January 31, 2023 - 1:35am
Using a Kenwood mixer.
I have yet to introduce myself on the introduction page because I’m struggling to negotiate the site. Sorry.
I'm starting to struggle with hand mixing, tired and creaky old fingers are to blame.
mostly my dough gets 6 hours of salt free starter free autolyse and doesn’t need much stretching and I’m not complaining about my breads. Problem is I use old dough method. Not actually “Old-dough” but a starter that is hydrated the same as my bulk dough. Mixing this in by hand is even more difficult for me that mixing in a starter at 100% hydration.
I suppose I could go back to a wetter starter though I do enjoy using a dough starter.
is using mechanical mixing a problem ? Rather, can it be a problem ?
In my experience, the biggest problem with home mechanical mixers is over mixing, It sounds like you are experienced enough to know not to do that.
I normally use an older Bosch Universal for three minutes, just enough to fully incorporate the ingredients. Then I use a series of stretch and folds to develop the gluten.
I also have an older 7.5 qt. Kenwood/Delonghi mixer. The Kenwood was sold to Delonghi and then bought back as I recall. You can see the "K" in the paddle attachment on mine, even though it is branded Delonghi. Mixing to incorporate takes a bit longer (5 to 6 minutes) but it's still a good powerful machine that should mix in your old dough without a problem.
In a higher price range, the Ankarsrum Mixer is very popular on this forum, so I'm sure some owners can help you with information.
I’m 20 years making bread, at least 15 years making sourdough. Yes, it was the issue of over-mixing I’m concerned with.
I have yet to experience any adverse effect from my mixing a dough into a dough I’m looking to make things easier for my fingers and hands. Was a time I stopped making bread because of poorly hands.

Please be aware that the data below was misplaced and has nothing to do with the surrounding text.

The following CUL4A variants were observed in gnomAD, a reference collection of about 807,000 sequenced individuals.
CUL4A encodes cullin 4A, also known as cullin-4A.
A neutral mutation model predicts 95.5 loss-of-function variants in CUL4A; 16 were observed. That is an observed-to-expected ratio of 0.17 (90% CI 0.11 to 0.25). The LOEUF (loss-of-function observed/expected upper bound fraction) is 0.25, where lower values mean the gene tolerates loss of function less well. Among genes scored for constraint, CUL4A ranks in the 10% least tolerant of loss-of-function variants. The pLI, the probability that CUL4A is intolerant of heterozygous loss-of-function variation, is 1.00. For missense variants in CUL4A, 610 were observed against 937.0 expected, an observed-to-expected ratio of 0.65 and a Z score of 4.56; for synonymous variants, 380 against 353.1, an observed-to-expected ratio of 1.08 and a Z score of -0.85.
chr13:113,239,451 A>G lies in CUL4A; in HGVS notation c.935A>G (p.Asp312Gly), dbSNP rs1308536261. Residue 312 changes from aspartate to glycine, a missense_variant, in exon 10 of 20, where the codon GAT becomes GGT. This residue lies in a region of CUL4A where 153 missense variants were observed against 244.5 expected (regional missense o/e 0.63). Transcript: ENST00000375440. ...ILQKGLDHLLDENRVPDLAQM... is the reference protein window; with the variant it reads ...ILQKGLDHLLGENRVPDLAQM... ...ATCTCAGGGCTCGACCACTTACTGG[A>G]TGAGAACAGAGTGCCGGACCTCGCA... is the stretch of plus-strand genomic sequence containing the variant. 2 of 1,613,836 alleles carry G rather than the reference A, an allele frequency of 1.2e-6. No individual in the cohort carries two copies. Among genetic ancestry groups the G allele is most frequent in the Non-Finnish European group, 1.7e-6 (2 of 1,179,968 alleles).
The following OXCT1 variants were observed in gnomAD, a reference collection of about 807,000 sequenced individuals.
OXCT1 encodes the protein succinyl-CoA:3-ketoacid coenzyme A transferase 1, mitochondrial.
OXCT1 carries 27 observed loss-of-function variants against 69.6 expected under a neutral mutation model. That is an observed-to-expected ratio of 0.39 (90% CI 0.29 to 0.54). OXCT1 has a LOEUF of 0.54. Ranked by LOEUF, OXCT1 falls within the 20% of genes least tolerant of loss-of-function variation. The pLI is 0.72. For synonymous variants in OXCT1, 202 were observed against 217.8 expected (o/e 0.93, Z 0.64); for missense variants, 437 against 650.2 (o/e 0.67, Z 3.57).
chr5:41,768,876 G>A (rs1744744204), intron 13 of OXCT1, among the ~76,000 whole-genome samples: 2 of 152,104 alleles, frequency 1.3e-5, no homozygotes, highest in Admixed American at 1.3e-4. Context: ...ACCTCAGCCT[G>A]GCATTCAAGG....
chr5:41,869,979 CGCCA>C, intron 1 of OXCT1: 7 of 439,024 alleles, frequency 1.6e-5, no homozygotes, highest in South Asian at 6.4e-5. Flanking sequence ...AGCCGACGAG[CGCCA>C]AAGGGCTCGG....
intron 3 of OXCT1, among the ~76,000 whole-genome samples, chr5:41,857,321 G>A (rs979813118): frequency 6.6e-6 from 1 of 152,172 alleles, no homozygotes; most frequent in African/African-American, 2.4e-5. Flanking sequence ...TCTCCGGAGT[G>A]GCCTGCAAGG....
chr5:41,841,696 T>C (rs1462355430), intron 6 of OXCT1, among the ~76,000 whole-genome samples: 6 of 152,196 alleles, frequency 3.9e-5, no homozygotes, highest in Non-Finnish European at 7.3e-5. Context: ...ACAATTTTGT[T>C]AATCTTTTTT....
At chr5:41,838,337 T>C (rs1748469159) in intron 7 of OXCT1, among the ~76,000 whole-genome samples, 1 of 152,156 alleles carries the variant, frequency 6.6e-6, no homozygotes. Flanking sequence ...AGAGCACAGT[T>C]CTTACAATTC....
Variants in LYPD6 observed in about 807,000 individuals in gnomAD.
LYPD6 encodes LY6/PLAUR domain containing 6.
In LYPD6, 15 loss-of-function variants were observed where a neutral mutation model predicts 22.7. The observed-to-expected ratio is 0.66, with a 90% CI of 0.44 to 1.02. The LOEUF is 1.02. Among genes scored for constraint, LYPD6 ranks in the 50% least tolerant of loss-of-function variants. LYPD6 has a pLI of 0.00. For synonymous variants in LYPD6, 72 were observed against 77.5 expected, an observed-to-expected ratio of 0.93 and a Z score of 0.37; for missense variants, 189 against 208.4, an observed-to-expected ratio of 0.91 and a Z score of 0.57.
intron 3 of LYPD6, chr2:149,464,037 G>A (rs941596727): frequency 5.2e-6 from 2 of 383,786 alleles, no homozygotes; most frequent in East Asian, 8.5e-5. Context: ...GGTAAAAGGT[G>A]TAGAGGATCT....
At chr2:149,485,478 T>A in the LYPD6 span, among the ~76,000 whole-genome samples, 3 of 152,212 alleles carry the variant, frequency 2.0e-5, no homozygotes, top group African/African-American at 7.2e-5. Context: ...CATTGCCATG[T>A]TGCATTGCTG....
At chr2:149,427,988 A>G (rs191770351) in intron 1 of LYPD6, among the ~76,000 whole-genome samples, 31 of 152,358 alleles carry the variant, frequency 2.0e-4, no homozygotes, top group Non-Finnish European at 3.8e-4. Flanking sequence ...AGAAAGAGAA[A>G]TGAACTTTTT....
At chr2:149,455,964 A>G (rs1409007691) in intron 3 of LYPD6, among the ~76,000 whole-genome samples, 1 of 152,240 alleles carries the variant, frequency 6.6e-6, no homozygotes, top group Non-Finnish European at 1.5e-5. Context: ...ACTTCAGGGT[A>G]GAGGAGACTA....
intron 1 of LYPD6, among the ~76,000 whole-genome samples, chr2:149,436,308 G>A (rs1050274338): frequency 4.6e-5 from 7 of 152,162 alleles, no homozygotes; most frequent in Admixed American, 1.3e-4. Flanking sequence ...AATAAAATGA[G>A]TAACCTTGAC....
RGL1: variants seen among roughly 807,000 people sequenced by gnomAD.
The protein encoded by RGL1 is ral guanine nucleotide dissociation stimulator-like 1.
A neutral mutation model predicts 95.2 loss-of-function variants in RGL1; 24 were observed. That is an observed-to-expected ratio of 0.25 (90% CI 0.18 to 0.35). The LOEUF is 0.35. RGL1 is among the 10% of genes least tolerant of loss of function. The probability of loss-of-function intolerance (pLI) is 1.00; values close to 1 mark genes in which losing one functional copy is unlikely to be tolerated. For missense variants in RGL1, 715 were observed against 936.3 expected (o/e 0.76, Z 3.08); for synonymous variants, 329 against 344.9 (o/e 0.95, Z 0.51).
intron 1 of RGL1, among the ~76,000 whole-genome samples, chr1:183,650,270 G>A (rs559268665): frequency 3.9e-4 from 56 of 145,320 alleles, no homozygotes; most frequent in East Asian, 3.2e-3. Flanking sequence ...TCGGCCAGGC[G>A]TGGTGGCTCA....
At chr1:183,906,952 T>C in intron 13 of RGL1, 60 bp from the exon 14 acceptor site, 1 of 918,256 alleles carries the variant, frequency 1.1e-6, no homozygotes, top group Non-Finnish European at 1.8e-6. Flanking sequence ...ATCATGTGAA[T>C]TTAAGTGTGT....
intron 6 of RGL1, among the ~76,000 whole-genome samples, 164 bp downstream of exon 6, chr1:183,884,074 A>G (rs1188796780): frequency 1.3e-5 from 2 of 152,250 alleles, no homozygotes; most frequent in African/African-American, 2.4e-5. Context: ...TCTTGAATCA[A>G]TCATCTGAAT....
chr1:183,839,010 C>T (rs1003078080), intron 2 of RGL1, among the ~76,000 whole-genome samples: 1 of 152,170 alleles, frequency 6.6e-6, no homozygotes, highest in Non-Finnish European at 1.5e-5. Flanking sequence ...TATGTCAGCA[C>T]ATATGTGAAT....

the long salt free autolyse works very nicely at strengthening the gluten to the point I often wonder if it actually needs more work and I accept that a higher hydration starter would mix in easier, I’m trying to get into a new routine in the event my hands/fingers fail again.
Other than the early days of my bread making I have avoided the use of the Kenwood mostly because I felt that symmetrical mixing is not the answer for bread dough. I sort of proved this to myself by using a Panasonic bread machine to mix my dough.
The bread machine has an asymmetric paddle in an asymmetric chamber, the dough get thrown around rather than twirling itself onto the dough hook working in a symmetrical container.
Problem is the bread mixer struggles with more than 600 grams of flour.
thanks for your help, I’m sure the issue is discussed elsewhere in this group, I didn’t find it yet.
Always makes me smile when I remember being on a course some years ago with Andrew Whitley, Andrew insists on his students getting messy with the dough so they feel the gluten strengthening. Using a mixer would amount to a stern-stare.
Andrew was right of-course, the feel of the dough getting tighter was a thrill to my early dough handling efforts.